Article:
Fang Talks

Megalomaniac

Oh man, this game. What a gem, and I’ve only recently gotten around to playing it.

For the uninitiated, Katamari Damacy is a game for the PlayStation 2. Came out in 2004, out of no other than Japan. As you’d expect, it’s absolutely bonkers. To say the game’s crazy would be an understatement. You play as the Prince, son of the King of All Cosmos. As the Prince, you roll around a sticky ball, picking up objects smaller than you to grow bigger in size, eventually “building” a star. Why? The King, while under influence, destroyed all the stars in the sky, and now he wants you to clean up his mess. Kind of a douche move, but at least he leaves presents for you scattered on Earth!

So you got to make stars by rolling things up with a “Katamari”. Sounds easy, right? Well, it isn’t. At least not at first. The control scheme is a bit odd in that it uses both analog sticks for movement, instead of the traditional “left is moving, right is looking”. Though a bit counter intuitive, it’ll quickly grow on you as the quirkiness of it seems like it blends into the game.
You follow a more or less linear path through “levels” which are essentially a bunch of challenges. For example, “make a 2m large Katamari in 6 minutes” or “collect lots of crabs to make the cancer star sign”. The same couple of stages are re-used throughout the challenges, but that’s no big deal. You start at different sizes and in different areas, and each challenge fills the stage with different objects, so re-using stages is something they can easily get away with. Not that you notice, because you’re just having so much fun rolling up things and becoming super big and it all just feels so satisfying!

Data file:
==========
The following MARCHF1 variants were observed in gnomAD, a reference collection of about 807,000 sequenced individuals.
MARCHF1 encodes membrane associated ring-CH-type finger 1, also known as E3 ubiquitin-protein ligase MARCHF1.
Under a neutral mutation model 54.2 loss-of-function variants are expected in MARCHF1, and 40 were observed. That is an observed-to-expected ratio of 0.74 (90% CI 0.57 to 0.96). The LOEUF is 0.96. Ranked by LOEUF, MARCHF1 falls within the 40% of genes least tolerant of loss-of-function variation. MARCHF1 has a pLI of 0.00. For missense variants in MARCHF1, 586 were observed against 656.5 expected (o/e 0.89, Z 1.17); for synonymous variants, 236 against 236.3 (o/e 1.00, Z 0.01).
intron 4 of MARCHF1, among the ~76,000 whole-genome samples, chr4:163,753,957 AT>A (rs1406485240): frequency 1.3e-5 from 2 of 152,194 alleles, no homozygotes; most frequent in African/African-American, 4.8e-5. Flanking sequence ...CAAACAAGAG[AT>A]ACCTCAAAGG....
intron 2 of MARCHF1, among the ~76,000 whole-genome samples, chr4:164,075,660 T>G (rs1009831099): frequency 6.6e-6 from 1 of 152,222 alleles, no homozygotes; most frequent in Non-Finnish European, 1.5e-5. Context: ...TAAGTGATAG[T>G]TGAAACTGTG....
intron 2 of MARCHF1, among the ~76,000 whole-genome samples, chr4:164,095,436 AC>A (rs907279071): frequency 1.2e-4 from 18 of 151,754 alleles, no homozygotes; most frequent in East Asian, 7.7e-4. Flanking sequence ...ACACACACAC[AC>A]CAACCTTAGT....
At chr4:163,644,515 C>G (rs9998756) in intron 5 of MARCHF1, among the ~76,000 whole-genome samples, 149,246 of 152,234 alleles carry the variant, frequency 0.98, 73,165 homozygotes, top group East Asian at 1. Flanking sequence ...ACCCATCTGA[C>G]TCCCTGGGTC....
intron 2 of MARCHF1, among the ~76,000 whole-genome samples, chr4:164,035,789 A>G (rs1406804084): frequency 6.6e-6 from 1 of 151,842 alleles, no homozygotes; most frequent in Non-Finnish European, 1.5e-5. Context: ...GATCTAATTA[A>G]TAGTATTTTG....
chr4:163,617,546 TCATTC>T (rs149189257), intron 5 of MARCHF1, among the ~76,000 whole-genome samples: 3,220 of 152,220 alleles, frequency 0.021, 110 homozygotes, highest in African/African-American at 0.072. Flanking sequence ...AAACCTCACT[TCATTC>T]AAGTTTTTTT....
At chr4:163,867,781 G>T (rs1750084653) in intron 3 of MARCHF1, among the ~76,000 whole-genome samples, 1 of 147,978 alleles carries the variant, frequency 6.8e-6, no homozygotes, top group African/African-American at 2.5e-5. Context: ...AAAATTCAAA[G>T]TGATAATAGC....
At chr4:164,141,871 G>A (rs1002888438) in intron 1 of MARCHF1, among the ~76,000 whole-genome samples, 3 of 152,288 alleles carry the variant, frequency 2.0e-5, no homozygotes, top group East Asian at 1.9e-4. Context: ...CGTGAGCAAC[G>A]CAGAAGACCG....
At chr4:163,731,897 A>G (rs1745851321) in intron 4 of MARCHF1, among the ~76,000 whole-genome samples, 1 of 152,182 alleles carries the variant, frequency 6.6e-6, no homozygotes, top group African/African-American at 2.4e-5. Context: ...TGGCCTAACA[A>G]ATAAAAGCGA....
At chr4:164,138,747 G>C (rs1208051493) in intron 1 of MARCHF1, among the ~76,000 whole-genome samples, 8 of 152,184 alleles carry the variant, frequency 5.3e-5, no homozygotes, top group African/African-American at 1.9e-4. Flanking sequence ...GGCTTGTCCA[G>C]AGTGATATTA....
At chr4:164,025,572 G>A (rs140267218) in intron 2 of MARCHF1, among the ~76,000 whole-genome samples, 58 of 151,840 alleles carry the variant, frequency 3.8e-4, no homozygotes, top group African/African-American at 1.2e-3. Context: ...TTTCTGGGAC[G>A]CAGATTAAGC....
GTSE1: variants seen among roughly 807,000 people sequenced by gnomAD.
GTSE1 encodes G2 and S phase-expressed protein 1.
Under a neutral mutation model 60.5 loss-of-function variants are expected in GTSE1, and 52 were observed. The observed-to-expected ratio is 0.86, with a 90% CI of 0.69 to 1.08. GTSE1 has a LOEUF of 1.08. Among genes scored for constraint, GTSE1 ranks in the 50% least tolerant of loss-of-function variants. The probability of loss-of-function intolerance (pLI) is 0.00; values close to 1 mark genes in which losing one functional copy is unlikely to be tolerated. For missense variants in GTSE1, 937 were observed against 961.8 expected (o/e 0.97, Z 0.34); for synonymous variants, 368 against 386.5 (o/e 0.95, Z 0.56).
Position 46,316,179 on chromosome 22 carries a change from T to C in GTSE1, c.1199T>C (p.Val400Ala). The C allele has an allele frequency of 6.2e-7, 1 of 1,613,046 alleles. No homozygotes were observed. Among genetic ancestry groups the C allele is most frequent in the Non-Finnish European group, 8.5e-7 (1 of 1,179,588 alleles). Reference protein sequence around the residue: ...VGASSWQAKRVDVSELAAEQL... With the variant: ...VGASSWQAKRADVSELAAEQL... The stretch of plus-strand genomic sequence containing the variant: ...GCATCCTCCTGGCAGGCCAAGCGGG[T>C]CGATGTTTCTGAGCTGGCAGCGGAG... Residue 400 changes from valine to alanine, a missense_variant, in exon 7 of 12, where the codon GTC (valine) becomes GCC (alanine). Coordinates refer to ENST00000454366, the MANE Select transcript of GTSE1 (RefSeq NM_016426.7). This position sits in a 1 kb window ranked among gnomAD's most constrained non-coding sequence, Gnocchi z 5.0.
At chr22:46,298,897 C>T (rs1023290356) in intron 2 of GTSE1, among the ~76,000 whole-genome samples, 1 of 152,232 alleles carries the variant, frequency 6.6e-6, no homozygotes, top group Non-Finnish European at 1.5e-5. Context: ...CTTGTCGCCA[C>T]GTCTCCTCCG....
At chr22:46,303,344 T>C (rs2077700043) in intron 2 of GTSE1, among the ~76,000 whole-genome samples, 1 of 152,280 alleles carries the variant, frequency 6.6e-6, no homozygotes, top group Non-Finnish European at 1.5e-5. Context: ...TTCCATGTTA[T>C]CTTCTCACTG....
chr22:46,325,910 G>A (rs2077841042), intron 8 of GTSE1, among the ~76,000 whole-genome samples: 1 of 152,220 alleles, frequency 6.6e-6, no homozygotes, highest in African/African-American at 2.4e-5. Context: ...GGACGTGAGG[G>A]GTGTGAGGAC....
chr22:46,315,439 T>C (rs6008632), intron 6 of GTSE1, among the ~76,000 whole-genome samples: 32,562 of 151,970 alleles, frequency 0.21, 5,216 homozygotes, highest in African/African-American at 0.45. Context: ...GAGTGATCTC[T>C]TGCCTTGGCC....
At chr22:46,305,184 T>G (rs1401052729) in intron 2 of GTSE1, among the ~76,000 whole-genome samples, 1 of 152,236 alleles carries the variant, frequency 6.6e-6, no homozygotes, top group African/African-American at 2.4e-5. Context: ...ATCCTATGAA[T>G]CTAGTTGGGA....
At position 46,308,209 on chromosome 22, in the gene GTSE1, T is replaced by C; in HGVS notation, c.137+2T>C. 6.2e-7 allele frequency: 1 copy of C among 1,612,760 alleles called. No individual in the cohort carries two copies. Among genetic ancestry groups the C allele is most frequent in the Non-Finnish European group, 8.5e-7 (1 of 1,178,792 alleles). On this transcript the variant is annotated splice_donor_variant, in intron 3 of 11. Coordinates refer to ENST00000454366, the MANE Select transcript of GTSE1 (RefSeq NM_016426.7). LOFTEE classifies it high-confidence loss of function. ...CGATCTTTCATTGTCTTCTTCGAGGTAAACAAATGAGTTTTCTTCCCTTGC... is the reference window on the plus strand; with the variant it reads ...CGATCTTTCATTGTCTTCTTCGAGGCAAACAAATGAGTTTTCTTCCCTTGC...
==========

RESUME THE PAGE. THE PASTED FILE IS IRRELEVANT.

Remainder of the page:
Because of the PlayStation’s graphical limitations, they had to resort to low-poly models for all the objects you can roll up (which is practically everything). (And remember, objects actually get stuck on your ball, they don’t merge!) This results in a quite charming style, slightly reminiscent of the older 3D games. I find it really fun to take a good look at the models they used under Collection. Yes, the game keeps track of what you’ve rolled up! There’s hundreds, if not thousands of different objects for you to discover, ranging from food, to animals, toys, humans, buildings, and mountains! And guess what, every item has a short little text written for it. That’s a lot of words!

Don’t even get me started on the soundtrack. It’s just that good. When you boot up the game, on the loading screens this is what plays. It’s not the best indicator as to the style of the soundtrack, but it comes pretty close. In-game tunes are peppy, unique and fun, with that way too catchy “na-na-na” always in there somewhere. Brilliantly made, it fits perfectly into an inherently silly game.

A silly game indeed. If you haven’t been able to deduce so yet, Katamari Damacy is a pretty hilarious piece of work. The game is in on its own joke, and plays around with that a lot. Very little things make sense (there were cats with crowns sitting on top of each other, crabs wielding scissors and some guy doing a human flag, spinning) and there’s always something surprising to roll up right around the corner. The world feels very dynamic, even though it’s you changing in size. There’s always plenty to roll up strewn about everywhere and before you know it you’ll be chasing children with your balls out.

Katamary Damacy is great. Also check out the Game Grumps run of it, it’s hilarious. Or just search for normal gameplay footage if you want something more vanilla. I rate this game 9/10 “would buy”. Shame it’s too old for that.
~ Fang

Comments

  • 06/02/2014 (7:05 PM)

    A bit weird, but I like the idea.
    Would be nice to have a PC version on Steam. :)

  • 06/02/2014 (9:28 AM)

    And the King is easily the most homosexual character in all of video game history.

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